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‘This Is The Worst Thing Ever’: How Catastrophizing Can Lead To Chronic Anger

Psychology Professor Says To Think Through Real Consequences Of Events

Spilled coffee, e-reader
Mark Lennihan/AP Photo

You wake up and you’re already running late. You make sure to grab some coffee before heading to your car. As you shuffle your work bag, lunch bag and sweater to the passenger seat, somehow your coffee spills all over your pants.

Ready to call it a day? If so, psychology professor Ryan Martin would probably say you’re catastrophizing — a term given to making the worst out of a situation.

No doubt spilling coffee on yourself when you’re already rushed is frustrating. But Martin, also the associate dean for the College of Arts, Humanities and Social Sciences at the University of Wisconsin-Green Bay, wrote in his blog that there’s a big difference between believing something is frustrating and assuming that something is going to ruin the rest of our day.

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While seemingly inert, those “end of the world” reactions are associated with a host of emotional problems, most notably anxiety and anger.

“When things happen to us and we evaluate those events in highly negative ways, we’re more likely to get angry about them, we’re more likely to get scared,” he said.

Anger starts with provocation and factors that combine to form your “pre-anger state,” such as hunger, tiredness and mood, he said.

Catastrophizing doesn’t occur immediately when something bad happens. First, you have to determine that an event is negative or unfair or otherwise bad. Then, you evaluate whether you’re able to cope with that event. A negative response to whether you’re able to handle the situation could prime the pump for catastrophizing.

For example, say you come up to a stop light that turns red and forces you to stop. Does that ruin your day? Maybe not, when you actually think through the reality that it’s only a momentary delay.

“Chances are, once people have a chance to really sit down and evaluate that thought process, they see that it’s not quite as bad as they originally thought it would be,” he said.

But Martin isn’t advocating that people never get upset. In fact, he too often sees people dismissing events that they otherwise describe as disappointing and upsetting with a response such as, “But, it’s fine.”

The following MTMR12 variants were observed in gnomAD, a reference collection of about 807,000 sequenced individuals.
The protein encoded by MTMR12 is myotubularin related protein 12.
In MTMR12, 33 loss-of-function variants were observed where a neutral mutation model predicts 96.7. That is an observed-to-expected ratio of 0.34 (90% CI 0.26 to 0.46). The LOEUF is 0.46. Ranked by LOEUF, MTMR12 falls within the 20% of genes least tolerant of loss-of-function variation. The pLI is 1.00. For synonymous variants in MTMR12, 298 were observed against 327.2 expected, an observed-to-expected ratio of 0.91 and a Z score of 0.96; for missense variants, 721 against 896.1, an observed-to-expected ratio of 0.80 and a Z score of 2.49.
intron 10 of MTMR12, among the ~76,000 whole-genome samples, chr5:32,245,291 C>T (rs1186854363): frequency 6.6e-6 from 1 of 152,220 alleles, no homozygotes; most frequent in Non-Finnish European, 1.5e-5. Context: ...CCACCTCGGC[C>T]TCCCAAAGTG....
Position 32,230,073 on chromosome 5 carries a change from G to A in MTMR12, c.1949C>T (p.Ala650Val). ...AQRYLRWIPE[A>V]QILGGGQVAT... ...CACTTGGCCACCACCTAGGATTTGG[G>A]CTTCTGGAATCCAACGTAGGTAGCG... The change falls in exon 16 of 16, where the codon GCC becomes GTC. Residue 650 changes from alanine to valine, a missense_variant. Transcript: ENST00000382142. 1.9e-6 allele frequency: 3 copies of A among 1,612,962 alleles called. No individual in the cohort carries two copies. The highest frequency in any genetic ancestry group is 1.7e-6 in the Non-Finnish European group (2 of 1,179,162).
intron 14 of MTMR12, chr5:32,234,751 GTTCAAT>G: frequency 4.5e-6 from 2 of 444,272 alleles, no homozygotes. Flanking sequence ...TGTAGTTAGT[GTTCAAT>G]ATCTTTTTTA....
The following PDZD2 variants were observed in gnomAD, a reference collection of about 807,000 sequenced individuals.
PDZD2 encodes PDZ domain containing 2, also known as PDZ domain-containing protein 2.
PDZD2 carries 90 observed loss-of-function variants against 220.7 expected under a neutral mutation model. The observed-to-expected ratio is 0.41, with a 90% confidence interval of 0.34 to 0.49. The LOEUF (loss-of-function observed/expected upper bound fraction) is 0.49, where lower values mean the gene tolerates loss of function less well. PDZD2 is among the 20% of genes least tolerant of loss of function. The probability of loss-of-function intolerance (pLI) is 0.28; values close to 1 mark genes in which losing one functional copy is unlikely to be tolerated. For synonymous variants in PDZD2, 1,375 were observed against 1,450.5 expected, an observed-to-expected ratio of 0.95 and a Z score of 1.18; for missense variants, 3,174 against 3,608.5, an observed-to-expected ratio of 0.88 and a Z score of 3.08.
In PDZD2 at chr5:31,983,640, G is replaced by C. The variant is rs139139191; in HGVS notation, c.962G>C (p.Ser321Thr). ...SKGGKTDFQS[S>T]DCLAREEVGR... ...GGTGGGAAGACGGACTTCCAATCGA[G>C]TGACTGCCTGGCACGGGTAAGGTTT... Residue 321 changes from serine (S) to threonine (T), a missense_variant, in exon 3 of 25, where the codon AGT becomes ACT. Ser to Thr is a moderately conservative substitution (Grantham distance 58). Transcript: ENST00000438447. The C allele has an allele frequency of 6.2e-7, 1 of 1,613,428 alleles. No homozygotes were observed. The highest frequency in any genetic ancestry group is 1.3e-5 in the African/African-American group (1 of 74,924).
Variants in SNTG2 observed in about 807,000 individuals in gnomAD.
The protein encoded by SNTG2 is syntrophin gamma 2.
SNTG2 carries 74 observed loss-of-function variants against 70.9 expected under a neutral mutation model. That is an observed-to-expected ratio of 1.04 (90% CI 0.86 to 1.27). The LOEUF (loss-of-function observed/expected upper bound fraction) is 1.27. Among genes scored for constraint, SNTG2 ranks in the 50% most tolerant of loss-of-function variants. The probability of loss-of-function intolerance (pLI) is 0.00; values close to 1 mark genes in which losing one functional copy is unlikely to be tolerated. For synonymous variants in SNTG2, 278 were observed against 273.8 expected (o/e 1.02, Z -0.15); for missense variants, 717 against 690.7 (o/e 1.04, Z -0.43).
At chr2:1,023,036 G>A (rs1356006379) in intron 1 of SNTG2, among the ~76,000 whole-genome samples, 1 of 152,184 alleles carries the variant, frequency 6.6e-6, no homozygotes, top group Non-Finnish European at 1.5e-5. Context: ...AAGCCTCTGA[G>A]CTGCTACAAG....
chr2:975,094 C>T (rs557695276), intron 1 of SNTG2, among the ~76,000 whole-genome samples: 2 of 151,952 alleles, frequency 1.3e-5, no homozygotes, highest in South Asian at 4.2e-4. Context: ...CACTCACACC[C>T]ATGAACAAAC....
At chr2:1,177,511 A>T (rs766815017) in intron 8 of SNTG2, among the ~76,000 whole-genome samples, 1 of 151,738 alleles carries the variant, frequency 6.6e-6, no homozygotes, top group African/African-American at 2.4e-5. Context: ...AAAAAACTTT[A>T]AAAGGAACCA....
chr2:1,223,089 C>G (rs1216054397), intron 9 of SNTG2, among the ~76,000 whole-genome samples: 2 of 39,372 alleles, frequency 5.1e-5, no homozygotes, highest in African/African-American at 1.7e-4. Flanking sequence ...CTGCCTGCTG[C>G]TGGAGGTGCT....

“I think that the healthiest option is to try and really think through, as logically as you can, ‘What is the real consequence of this?’” he said. “The question is really about evaluating, ‘What am I responding to and how bad is this?’”

Here are some questions Martin recommends you ask yourself when you feel like catastrophizing:

Put the problem into perspective: How does this compare to other things humans face?

Take the 30,000-foot view approach: In the future will I be thinking back to this problem?

This too shall pass: Have I experienced this in the past and did I get through it?

Look for patterns: Does this happen often and can I find ways to circumvent these issues?

Beware of over-generalizations: Am I responding by saying, “This always happens,” or “This happens every time?”

Catastrophizing is one type of thought related to chronic anger. Other thoughts that lead to anger are over-generalizations, which include thoughts such as “This always happens” or “This happens every time;” misattributing causation by putting blame where it doesn’t belong; demandedness by putting your needs before others; and inflammatory labeling.

But no matter what you’re feeling, Martin said it’s important to pay attention to that by evaluating the thoughts you’re having in the moment.

“Once you realize you’re doing it, identify that catastrophic thought and then try and replace it with a more realistic one,” he said. “Instead of saying, ‘This weather has ruined my day,’ you can say, ‘I’m disappointed, but I’m still going to do my best to have a good day.’”

Additionally, Martin said be patient with yourself.

“You’ve spent a lifetime developing these kind of thought habits, and it’s going to take some time to undo them,” he said. “The goal is that you’re able to do that as closely to the event as possible.”